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Non-Invasive Imaging and Assessment of Pavements
  • Published Date:
    2014-01-01
  • Language:
    English
Filetype[PDF-2.21 MB]


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  • Abstract:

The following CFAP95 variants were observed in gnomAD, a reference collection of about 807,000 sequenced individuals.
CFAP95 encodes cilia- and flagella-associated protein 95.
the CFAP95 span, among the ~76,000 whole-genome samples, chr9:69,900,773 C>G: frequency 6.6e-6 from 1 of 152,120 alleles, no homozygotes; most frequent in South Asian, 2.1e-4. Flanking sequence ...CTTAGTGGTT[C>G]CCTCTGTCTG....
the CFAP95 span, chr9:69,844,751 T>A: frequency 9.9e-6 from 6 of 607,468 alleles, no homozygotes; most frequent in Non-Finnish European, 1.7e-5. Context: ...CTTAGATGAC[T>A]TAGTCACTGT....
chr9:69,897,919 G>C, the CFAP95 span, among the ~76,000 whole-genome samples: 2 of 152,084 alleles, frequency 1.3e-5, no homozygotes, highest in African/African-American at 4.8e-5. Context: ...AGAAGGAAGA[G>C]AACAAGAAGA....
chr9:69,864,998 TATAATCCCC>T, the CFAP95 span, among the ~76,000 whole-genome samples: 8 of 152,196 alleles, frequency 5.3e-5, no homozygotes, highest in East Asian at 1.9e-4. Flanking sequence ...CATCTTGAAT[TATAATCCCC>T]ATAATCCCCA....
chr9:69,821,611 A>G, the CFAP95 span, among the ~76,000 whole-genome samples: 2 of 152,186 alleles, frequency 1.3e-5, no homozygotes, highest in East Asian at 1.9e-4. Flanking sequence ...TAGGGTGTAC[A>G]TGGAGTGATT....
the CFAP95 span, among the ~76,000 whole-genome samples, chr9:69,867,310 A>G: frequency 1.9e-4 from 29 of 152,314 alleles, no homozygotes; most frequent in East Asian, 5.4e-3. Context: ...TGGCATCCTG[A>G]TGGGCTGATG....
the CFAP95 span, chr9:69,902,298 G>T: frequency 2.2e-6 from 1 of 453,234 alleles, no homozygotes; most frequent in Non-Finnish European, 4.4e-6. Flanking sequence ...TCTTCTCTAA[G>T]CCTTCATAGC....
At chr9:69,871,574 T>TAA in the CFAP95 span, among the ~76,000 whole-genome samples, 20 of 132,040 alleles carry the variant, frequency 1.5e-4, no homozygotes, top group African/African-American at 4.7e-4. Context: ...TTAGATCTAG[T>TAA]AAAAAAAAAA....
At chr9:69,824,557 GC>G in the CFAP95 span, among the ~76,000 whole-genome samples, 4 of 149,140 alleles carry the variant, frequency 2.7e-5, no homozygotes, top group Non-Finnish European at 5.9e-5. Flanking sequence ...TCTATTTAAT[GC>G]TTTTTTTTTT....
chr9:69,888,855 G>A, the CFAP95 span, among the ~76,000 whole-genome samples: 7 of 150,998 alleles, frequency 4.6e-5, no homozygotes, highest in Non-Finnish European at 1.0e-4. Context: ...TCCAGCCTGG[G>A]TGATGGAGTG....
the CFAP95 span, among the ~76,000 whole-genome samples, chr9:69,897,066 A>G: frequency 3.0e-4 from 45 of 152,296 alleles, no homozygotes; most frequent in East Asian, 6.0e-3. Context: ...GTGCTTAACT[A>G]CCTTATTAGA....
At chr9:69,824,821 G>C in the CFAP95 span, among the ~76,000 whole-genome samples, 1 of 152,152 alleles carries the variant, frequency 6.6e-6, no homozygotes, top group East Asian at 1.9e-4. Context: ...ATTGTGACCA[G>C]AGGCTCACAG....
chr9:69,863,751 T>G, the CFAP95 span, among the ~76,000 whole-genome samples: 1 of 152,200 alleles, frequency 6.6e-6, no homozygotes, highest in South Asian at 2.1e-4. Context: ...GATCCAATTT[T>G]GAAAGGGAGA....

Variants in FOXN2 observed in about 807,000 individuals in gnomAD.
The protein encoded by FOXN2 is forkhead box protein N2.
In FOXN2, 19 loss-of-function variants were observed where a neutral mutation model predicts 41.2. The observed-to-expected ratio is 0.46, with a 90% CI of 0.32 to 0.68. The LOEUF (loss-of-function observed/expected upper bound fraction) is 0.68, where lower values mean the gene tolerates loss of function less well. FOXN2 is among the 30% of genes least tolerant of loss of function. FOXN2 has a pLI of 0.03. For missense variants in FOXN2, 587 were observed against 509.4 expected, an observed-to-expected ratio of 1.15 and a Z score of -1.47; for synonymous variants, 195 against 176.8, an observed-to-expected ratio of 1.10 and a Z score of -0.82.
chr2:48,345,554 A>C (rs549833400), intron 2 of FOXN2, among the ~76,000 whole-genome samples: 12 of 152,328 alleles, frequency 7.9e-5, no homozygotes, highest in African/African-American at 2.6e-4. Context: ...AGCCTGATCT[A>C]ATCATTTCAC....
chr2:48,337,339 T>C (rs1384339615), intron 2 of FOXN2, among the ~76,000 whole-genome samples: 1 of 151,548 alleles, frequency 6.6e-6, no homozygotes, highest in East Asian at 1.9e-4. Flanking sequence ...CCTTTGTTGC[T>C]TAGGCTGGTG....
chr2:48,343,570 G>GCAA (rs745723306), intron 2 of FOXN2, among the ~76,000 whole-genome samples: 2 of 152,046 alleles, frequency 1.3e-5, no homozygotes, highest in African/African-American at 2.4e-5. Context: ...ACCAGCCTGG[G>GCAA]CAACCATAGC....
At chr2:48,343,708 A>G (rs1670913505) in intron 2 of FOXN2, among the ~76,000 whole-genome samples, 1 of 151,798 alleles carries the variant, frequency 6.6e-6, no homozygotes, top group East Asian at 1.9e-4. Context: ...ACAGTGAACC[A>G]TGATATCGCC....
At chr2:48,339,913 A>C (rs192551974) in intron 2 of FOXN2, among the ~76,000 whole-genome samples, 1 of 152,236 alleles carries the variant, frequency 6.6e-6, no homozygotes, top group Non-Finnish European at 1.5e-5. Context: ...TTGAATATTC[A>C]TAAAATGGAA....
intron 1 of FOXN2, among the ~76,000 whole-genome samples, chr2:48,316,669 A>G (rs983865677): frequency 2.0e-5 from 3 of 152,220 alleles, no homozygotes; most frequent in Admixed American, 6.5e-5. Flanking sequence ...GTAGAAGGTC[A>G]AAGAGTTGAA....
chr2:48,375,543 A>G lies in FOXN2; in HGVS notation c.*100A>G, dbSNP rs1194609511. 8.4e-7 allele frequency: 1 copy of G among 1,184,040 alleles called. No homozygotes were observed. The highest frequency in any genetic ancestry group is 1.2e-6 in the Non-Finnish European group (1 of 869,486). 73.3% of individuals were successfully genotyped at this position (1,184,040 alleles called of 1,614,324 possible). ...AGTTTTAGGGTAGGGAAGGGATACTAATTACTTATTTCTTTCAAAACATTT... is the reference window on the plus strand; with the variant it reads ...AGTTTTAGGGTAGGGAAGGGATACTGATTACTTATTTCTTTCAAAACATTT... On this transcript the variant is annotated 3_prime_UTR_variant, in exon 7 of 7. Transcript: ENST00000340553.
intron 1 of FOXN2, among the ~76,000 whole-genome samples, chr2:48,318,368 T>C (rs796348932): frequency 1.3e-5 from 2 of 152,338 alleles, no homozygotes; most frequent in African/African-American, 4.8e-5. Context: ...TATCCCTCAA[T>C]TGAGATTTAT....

Currently, there are over 3.96 million public centerline road miles in the U.S. and of this, 2.50 million miles (or about 63 percent) are paved (FHWA, 2002). Pavement deterioration is a significant problem that must be addressed to preserve highway infrastructure investments in highways in United State and around the world. Accurately evaluating condition of pavement and sub-pavement soil/rock over time and using this information to choose appropriate maintenance techniques is critical in terms of the responsible maintenance of roadways. In order to demonstrate the utility and cost-effectiveness of using geophysical tools to assess roadway and sub-roadway conditions, I propose to acquire geophysical control along total of eight segments of roadway in central Missouri (Figure 1) to assess the condition of pavement, base and native soil all the way down to the top of bedrock. Each segment of road way will be approximately 1000 ft. long. Geophysical data will be acquired at these different locations using; Electrical Resistivity Tomography, Multi-Channel Analysis of Surface Wave, Ground Penetrating Radar using both 1.5 GHz and 400 MHz, Portable Seismic Property Analyzer and Ohm Mapper methods. Core control (surface to native soil) and falling weight deflect meter control will be acquired along the test segments in order to constrain the interpretation of the acquired geophysical data. Data will be collected under different weather conditions (wet, dry, warm and cold) to assess the impact of these climatic conditions on the data quality and interpretability. The test sites will be selected so, data will be acquired in different geological environments and with very different pavement condition (including asphalt over concrete, asphalt reinforces concrete, thick asphalt, thin asphalt, good asphalt and poor asphalt). The reason of using these geophysical techniques is because the utility and cost-effectiveness of these techniques has not been demonstrated yet because they are not routinely applied to the investigation of roadways and the use of these geophysical techniques could result in decreased cost and time and increased safety. The tools to be tested will generate reliable information about pavement thickness, pavement/base/sub-grade elastic moduli, base and sub-grade moisture content, base thickness, sub-grade clay content, depth to top of rock. Information can also be generated about the thickness, elastic moduli, clay content and moisture content of the soil. A secondary objective is to assess the accuracy of the interpretations and the various factors that affect the reliability of the interpretations

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